And, at some point in the evening, we’ll be joined by University of Michigan Professor Emeritus Dr. Willis Patterson, who, if things go our way, will be accompanied by local opera singer Kira Monae Turner. [Turner will be performing on October 4 with Dr. Patterson’s Our Own Thing Chorale at Ypsilanti’s Community Church of God.]

And, here, thanks to AM 1700 graphic designer Kate de Fuccio, is this week’s poster, in case any of you want to print copies and leave them laying in stacks around Ann Arbor.

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FOR THOSE OF YOU WHO HAVE NEVER TUNED IN TO THE SIX PACK BEFORE, HERE ARE THE DETAILS ON HOW TO LISTEN:

Unless you live inside the AM 1700 studio, chances are you won’t be able to pick the show up on your radio. As that’s the case, I’d recommend streaming the show online, which you can do either on the AM1700 website or by way of TuneIn.com.

And for those of you who aren’t yet familiar with the show, and need to get caught up, you can listen to the entire archive on iTunes.

One last thing… If you’d like to tell your friends and neighbors about the program, feel free to share the Facebook event listing.

And do call us if you have a chance. We love phone calls. So please scratch this number into the cinder block wall of the recreation room of whichever facility you’ve been assigned to… 734.217.8624… and call us between 6:00 and 8:00 this Saturday evening. The show is nothing without you. And I mean that.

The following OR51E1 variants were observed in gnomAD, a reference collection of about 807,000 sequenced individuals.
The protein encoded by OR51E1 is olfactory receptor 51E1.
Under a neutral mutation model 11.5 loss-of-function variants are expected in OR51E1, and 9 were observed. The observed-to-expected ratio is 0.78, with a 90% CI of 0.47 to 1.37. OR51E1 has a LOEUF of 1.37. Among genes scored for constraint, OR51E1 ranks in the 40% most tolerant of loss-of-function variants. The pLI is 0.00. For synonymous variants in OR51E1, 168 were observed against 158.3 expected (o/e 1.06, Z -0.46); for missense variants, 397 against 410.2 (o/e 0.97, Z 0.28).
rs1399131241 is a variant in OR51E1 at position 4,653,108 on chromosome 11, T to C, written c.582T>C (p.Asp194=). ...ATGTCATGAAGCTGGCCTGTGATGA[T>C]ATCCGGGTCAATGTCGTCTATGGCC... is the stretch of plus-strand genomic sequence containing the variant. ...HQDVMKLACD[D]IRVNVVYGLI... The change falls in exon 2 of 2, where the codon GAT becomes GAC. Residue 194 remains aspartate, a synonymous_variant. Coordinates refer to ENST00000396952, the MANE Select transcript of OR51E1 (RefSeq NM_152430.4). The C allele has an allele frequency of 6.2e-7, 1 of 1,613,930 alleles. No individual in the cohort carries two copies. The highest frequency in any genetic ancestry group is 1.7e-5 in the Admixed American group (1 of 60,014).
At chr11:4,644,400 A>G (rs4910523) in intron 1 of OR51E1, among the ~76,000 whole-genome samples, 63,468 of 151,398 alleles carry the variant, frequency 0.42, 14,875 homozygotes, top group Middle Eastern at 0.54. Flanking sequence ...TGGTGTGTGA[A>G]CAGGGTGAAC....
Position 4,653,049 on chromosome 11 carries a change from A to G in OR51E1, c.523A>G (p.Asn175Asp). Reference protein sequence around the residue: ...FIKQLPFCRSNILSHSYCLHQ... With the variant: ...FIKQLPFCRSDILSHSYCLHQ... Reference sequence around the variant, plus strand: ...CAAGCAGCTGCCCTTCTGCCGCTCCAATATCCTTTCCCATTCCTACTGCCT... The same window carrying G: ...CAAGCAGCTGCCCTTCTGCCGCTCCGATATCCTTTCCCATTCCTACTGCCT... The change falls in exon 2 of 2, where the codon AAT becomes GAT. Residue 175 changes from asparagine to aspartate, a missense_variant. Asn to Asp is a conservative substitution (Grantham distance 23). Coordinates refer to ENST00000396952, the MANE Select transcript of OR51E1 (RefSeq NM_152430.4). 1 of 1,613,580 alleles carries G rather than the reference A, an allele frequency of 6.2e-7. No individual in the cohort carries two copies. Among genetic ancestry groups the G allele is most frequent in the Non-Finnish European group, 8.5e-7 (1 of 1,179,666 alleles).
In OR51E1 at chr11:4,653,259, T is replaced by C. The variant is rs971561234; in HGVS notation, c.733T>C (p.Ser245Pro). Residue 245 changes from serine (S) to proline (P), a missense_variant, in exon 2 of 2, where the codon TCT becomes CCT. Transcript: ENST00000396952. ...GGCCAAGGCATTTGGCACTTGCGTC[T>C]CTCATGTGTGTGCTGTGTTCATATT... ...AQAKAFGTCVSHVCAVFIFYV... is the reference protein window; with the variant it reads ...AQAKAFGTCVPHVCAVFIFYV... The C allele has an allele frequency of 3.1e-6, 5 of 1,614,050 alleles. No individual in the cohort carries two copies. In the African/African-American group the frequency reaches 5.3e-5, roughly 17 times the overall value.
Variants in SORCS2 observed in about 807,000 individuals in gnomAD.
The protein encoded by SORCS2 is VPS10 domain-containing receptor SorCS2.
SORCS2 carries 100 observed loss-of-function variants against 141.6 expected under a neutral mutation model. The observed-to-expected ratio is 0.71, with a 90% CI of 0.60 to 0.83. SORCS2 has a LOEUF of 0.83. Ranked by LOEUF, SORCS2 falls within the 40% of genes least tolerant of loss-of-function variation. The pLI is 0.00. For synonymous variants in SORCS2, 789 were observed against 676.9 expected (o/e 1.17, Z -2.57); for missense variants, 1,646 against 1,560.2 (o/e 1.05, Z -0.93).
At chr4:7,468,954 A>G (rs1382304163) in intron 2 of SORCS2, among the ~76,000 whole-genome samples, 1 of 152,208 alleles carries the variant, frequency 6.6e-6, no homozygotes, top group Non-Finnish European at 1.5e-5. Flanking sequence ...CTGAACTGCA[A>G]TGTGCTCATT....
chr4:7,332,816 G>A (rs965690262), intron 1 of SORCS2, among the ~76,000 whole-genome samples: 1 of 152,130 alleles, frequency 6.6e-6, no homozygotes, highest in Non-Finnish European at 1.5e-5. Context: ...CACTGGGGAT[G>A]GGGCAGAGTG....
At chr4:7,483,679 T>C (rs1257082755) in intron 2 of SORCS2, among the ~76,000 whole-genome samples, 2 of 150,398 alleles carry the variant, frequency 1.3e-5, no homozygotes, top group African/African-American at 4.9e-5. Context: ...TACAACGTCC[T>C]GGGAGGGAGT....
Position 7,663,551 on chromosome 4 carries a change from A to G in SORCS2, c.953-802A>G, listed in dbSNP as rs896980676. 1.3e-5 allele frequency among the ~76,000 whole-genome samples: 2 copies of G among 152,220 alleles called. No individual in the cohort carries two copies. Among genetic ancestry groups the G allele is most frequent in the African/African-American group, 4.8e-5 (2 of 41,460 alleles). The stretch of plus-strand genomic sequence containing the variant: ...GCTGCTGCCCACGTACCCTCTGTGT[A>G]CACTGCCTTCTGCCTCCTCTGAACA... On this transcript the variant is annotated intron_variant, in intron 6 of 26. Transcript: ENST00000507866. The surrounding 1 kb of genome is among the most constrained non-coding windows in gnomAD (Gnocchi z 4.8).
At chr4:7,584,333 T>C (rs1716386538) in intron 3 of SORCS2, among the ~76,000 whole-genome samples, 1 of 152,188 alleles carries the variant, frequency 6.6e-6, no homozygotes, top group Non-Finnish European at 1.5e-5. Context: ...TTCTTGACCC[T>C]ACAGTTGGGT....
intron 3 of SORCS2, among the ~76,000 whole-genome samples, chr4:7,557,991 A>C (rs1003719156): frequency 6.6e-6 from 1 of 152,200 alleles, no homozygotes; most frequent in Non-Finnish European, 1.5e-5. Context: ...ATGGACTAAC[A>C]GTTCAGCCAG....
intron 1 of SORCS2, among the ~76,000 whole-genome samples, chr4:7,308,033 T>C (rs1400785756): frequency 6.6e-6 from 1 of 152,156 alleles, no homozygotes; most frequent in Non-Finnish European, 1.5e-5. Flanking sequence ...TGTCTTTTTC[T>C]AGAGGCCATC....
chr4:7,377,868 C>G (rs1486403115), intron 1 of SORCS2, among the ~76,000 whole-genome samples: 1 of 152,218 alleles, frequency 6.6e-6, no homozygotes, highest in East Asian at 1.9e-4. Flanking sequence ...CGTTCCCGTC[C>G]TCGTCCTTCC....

Posted in Art and Culture, The Saturday Six Pack, Uncategorized, Ypsilanti | Tagged , , , , , , , , , , , , | 22 Comments

Toilet reading, Junglefowl, and restorative justice… on episode 27 of the Saturday Six Pack

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During episode 24 of the Saturday Six Pack, there were quite a few good exchanges between Dr. Benjamin Edmondson, the new superintendent of Ypsilanti Community Schools, and the students who had gathered in the AM 1700 studio to ask him questions about his plans for the future of our district. Of those exchanges, my favorites had to do with Edmondson’s hardline suspension policy and his thoughts on restorative justice, which is essentially a way of dealing with offenses in a manner that favors community dialogue, accountability and inclusion over punitive measures and banishment. As the students and Edmondson were having their spirited debate about these issues, I made a note to myself that this was something I’d like to come back to in a future show… And that’s what we did this past Saturday night, when Executive Director of the Dispute Resolution Center Belinda Dulin, Executive Director of the Student Advocacy Center Peri Stone-Palmquist, and Restorative Practices Coach for the Ypsilanti Community School District Michelle Rose-Armstrong, came on the show to talk with me about restorative practices as they’re currently being employed in our local schools.